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  • The sanity of crowds

    “What is there new to say?” asked Petra Caruana, as she began to address the crowd gathered yesterday evening in Valletta. Her point, to the people protesting against corruption: We’ve known all the politically damning facts for some time. It’s not talk we need but for other people, who acknowledge what’s happening to the country, […] More

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  • The Three Amigos Ride Again

    The three Cabinet ministers with special involvement in the Vitals Global Healthcare (VGH) deal are once more appealing a magistrate’s decision to order an inquiry. The arguments in their appeal have implications that go far beyond this particular case. Here’s a paradox: if you believe the ministers are innocent, you have more reason to be […] More

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  • Parliament should summon Neville Gafà

    For too long, the press has declined to address the full implications of the mysterious relationships that the equally mysterious Neville Gafà has with Libya. The press has been very good in showing the slipperiness and evasions of both Gafà and the government. But the affair has been treated as largely a domestic scandal, not […] More

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  • A dirty bill of health

    No well-governed country is immune from corruption. Normally, however, the discovery of corruption leads to a strengthening of the system. Checks and balances are reviewed. Loopholes are closed. More layers of security are added. And if even shaky evidence of corruption surfaces, a full police investigation is welcomed by the government. The system calls for […] More

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  • Identity Malta and Hitchens’ Razor

    The late Christopher Hitchens, scourge of humbuggery, once formulated a principle he immodestly dubbed Hitchens’ Razor, designed to shave off nonsense: An assertion made without giving evidence can be dismissed without evidence. It’s tempting to wield the razor when faced with Identity Malta’s latest response to the news that yet another Maltese-passport buyer, Anatoly Hurgin, […] More

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  • The battle for our minds

    Tory Prime Minister Boris Johnson’s strategy, from a position of electoral weakness, throws a spotlight on factors that are part of the populist playbook. And, despite the particular circumstances of post-Brexit Britain, that playbook helps us understand Maltese politics better. Hungary and Turkey today are textbook cases of how wannabe dictators build large majorities and […] More

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  • Journalists should be pussycats not watchdogs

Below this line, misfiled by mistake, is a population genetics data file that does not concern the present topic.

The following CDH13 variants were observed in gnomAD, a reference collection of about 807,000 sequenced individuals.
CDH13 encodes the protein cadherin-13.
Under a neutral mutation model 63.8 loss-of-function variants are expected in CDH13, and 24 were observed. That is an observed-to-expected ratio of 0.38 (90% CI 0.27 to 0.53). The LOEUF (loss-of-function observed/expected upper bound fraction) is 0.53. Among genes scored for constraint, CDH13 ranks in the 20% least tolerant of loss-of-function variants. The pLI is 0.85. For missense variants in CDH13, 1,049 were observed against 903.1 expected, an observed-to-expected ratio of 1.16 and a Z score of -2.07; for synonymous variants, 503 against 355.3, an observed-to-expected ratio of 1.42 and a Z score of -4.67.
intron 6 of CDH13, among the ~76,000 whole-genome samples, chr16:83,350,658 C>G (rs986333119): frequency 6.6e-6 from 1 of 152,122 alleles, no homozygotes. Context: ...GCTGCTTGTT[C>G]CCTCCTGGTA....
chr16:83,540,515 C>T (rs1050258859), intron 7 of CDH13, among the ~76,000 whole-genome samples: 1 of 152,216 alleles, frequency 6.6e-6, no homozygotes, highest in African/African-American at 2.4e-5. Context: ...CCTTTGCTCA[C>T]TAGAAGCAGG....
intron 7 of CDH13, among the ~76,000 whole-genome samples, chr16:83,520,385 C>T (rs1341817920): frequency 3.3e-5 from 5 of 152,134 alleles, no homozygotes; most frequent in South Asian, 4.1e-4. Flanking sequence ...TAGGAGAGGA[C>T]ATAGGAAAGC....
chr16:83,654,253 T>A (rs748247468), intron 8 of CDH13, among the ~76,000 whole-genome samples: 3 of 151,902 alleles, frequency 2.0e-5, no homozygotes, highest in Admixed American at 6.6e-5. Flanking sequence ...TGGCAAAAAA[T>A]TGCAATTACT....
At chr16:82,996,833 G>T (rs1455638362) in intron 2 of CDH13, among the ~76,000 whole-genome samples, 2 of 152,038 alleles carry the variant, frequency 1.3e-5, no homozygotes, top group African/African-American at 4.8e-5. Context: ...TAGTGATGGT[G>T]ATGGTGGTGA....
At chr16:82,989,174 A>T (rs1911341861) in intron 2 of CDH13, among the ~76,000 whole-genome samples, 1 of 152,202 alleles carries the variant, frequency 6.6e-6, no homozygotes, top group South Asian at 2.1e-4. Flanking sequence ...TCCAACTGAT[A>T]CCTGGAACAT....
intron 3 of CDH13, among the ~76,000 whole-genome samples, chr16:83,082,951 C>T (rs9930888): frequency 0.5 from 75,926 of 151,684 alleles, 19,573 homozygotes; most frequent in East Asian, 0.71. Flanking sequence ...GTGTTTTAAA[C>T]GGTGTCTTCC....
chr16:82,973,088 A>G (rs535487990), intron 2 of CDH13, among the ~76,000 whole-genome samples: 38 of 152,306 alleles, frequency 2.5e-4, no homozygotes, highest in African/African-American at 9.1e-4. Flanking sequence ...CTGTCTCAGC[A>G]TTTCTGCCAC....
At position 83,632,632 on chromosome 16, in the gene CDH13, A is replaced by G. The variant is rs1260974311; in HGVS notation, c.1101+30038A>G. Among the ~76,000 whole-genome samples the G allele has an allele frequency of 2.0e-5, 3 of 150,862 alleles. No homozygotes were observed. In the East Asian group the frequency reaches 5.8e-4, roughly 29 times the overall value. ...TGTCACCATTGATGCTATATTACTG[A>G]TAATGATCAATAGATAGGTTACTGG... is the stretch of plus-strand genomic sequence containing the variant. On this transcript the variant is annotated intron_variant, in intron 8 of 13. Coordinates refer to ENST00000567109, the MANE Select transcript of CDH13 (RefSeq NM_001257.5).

The implications of last week’s court decision by Judge Giovanni Grixti, denying Repubblika’s request for a magisterial inquiry into whether corruption was involved in the VGH deal, go beyond the actual case itself. If the judge is right, the law is almost pointless and journalists are pussycats, not watchdogs. Grixti overturned the earlier decision by […] More

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  • It’s my turn to eat

    If you watched it, you’ll remember how you felt seeing the recording of the top men of Chetcuti Cauchi Advocates boast, to undercover French journalists, about how their political connections made them so good at obtaining golden passports for their clients. But have you spared a thought about how the partners of other firms, also […] More

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  • The inquiry of forking paths

    All eyes have been on the Board members of the public inquiry into the circumstances surrounding the assassination of Daphne Caruana Galizia. But the terms of reference call for a closer look, too. They pose several fundamental choices, a series of forking paths that can take the inquiry in one direction rather than another. Where […] More

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  • Spinning away an award

    Had Caroline Muscat won the Reporters Without Borders (RSF) Award for Independence in 2012, instead of this month, one Malta headline could have blared, ‘Anti-Gonzi blogger wins RSF Award’. For she did used to write a blog that focussed mainly on the then administration’s shortcomings, sometimes using the rhetorical device of addressing the Prime Minister […] More

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  • Ending the siege mentality

    One of the dominant ways in which we think about our history is to think of it as a series of sieges. Don’t be surprised if you come across it again today, as the State commemorates the Great Siege of 1565. An island of strategic military importance is bound to be defined by the attempts […] More

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  • In favour of development

    Moviment Graffitti has a great slogan – Iż-żejjed kollu żejjed (too much is too much) – for Saturday’s national protest against reckless development. It’s not just the idiomatic flavour. In Maltese, so many Żs in a short space come packed with furious, defiant exclamation. In American English, Zs are associated with snooze and pizzazz. In […] More

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